• Archives

  • Enter your email address to subscribe to this blog and receive notifications of new posts by email.

    Join 21,920 other followers

  • Instagram

    Attention all students - Attend the keynote with Mark Lynas, participate in interactive breakout sessions, and a chance to win prizes at the 2nd Annual IFTSA Global Summit. Make sure you register for this FREE event for all students on November 9 at 12pm CST! Link available in bio. 
#foodscience #foodsciencestudent #students #globalsummit #Repost @foodgrads ・・・
Catch the latest episode of #TheDish Listen to Heather talk about #sensoryanalysis #foodscience #leadership #ift #studentassociations #foodtech #flavorchemist #ift_sa #foodpodcast #calpoly Penn State hosted a meeting of IFT journals' Scientific Editors and staff this week. 
The top picture is the touring of the famous Berkey Creamery in Penn State's Food Science building. The bottom picture is the group at the Nittany Lion Inn for dinner. 
Penn State is the home of our most prolific journals editor, Dr. Manfred Kroger, as well as IFT's president, Dr. John Coupland. 
Thank you for hosting us and showing us a great time! Celebrating all things fall at IFT - Football, potluck, board games galore! #companyculture

Listeria Presents a Very Rocky Road

icecreamListeria continues to make headlines and cause death, hospitalizations, and numerous food recalls. According to the U.S. Food and Drug Administration (FDA), there have been 16 different recalls since March of this year due to Listeria found in food products including hummus, frozen spinach, smoothie kits, and most notably ice cream.

What is unusual about Listeria bacteria is that they can grow and multiply under refrigerated conditions. Therefore, they can be present in cold, wet environments as commonly found in many packaging areas. Listeria niches have been detected in drains and areas of condensation within a plant, such as the ceiling or light fixtures. Listeria monocytogenes has contaminated ready-to-eat deli meats and hot dogs, refrigerated meat spreads, unpasteurized milk and dairy products, soft cheese made with unpasteurized milk, refrigerated smoked seafood, cantaloupes, coleslaw, and raw sprouts. Keep Reading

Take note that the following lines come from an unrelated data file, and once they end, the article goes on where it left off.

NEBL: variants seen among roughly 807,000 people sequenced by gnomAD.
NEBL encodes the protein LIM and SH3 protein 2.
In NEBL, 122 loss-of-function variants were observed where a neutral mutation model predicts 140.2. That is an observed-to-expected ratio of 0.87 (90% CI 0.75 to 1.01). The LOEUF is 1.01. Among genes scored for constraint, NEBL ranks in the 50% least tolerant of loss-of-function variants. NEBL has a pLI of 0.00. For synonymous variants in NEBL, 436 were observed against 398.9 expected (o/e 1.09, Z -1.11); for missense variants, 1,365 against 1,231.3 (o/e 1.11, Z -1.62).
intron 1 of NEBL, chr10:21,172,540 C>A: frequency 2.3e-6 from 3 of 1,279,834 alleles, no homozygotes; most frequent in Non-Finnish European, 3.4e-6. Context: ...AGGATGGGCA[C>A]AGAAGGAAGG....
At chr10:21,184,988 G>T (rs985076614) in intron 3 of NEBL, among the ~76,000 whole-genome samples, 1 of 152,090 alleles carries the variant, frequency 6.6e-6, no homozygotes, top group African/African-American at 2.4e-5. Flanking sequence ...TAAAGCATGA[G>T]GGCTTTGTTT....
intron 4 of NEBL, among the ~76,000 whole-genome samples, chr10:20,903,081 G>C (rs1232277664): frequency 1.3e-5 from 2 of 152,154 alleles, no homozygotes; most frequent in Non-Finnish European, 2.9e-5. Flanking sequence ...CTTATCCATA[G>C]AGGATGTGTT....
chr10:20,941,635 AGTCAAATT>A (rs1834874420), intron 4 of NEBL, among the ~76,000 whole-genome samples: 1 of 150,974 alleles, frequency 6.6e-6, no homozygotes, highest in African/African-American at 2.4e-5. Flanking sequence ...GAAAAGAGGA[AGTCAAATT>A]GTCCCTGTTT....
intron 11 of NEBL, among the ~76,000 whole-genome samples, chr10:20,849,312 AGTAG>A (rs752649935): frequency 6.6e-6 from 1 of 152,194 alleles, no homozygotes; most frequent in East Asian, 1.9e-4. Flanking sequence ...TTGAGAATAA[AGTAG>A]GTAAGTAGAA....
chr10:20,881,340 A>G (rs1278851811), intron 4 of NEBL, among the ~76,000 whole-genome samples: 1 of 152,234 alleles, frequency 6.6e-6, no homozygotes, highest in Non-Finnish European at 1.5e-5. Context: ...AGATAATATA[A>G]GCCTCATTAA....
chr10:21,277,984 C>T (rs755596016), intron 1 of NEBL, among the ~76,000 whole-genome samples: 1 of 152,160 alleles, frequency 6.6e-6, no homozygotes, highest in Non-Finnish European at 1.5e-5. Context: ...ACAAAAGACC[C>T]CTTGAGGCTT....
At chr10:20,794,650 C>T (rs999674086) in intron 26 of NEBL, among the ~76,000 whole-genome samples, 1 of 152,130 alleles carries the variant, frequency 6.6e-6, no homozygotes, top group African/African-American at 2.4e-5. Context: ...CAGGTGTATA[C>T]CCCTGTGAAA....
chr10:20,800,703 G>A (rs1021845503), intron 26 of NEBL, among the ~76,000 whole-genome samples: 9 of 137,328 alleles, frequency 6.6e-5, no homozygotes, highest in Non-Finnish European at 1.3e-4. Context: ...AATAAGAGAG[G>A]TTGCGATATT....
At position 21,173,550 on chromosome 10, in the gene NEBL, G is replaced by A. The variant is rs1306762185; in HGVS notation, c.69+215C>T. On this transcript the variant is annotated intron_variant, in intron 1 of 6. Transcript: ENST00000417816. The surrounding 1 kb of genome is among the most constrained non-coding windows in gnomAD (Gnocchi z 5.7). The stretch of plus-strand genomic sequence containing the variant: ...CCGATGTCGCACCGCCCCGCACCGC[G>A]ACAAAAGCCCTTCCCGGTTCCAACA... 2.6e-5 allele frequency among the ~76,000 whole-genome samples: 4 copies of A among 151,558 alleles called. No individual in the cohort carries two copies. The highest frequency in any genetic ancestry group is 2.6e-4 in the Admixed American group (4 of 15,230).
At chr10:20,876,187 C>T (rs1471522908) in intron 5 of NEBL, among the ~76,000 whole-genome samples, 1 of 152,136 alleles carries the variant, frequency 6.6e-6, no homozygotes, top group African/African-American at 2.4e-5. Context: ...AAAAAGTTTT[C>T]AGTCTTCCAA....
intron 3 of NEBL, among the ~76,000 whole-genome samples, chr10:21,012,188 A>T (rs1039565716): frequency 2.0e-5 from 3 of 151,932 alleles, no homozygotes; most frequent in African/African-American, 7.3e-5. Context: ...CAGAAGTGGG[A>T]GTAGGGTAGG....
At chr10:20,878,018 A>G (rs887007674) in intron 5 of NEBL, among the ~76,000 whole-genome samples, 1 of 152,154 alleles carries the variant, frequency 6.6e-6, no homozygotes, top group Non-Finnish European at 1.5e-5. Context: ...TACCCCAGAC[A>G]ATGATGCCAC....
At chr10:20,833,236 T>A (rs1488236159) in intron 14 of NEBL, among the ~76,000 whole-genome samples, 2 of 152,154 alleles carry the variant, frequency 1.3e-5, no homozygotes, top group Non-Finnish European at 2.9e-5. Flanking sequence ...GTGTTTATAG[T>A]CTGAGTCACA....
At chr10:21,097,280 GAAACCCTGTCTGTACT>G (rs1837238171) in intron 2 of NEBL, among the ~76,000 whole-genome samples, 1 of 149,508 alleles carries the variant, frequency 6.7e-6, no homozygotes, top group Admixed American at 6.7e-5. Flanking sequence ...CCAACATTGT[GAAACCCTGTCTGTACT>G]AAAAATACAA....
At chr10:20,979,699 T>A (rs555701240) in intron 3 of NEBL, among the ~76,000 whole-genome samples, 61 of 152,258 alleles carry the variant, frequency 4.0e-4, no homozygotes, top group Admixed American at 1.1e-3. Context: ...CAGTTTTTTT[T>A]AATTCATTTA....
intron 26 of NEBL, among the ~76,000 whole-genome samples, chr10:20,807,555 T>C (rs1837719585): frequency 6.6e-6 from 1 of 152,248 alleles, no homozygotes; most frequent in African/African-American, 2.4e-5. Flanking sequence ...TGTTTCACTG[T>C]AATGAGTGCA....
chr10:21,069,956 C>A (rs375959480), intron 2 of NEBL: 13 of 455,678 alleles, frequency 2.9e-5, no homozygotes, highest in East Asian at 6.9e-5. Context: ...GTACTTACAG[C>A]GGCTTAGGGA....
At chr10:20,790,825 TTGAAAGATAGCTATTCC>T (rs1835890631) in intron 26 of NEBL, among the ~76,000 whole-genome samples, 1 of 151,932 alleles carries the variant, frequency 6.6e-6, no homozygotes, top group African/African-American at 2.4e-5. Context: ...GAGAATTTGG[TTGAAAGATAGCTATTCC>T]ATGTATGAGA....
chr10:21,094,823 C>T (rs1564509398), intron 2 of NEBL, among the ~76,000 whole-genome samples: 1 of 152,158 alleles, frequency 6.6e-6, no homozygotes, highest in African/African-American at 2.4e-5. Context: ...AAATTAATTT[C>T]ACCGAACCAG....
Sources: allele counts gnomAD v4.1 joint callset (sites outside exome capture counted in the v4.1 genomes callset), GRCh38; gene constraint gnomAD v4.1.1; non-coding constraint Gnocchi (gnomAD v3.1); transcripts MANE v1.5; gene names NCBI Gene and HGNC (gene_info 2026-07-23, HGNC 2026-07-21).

Single Food Agency: Theory vs. Reality

The Obama Administration’s recent budget proposal for FY 2016 endorsed the concept of establishing a single federal food safety agency—reviving discussion on what has been a long-standing issue. This initiative has generated many of the same talking points that have surrounded this topic for decades, including everyone’s favorite reference to the absurdity of a system in which the Food & Drug Administration (FDA) maintains processing oversight of a cheese pizza until pepperoni is added, at which point the oversight shifts to the U.S. Dept. of Agriculture’s Food Safety & Inspection Service (USDA FSIS).

There is near universal agreement that no one would design such a system if they were working off a proverbial clean sheet of paper. While this is undoubtedly correct, it forces us to juxtapose this theoretical point against the 100+ years of oversight, policy, and paperwork generated by the FDA, FSIS, and its predecessor agencies, not to mention other relevant players such as the Environmental Protection Agency (EPA), Centers for Disease Control & Prevention (CDC), and countless other state, local, and private parties. This history raises enormous practical and political barriers to change. We have a status quo maintained by a dizzying array of interests, both public and private, scattered through various government, departments, agencies, congressional committees, trade associations, labor unions, etc.  Keep Reading

Can Meta-analysis Help Biosafety Research?

Santa Clara University Biology Professor Michelle Marvier and her colleagues have recently published a meta-analysis of field studies that concluded that Bt crops are generally more benign for non-target invertebrates than chemical insecticides. A second meta-analysis of lab studies found no harmful effects of Bt proteins on honeybees. Although these reports will probably fail to convince skeptics, they raise an important question: Can meta-analysis be used to tease meaningful results out of a series of studies that, taken individually, are inconclusive? Given the cost and methodological complexity of ecological studies, it’s an important question. Keep Reading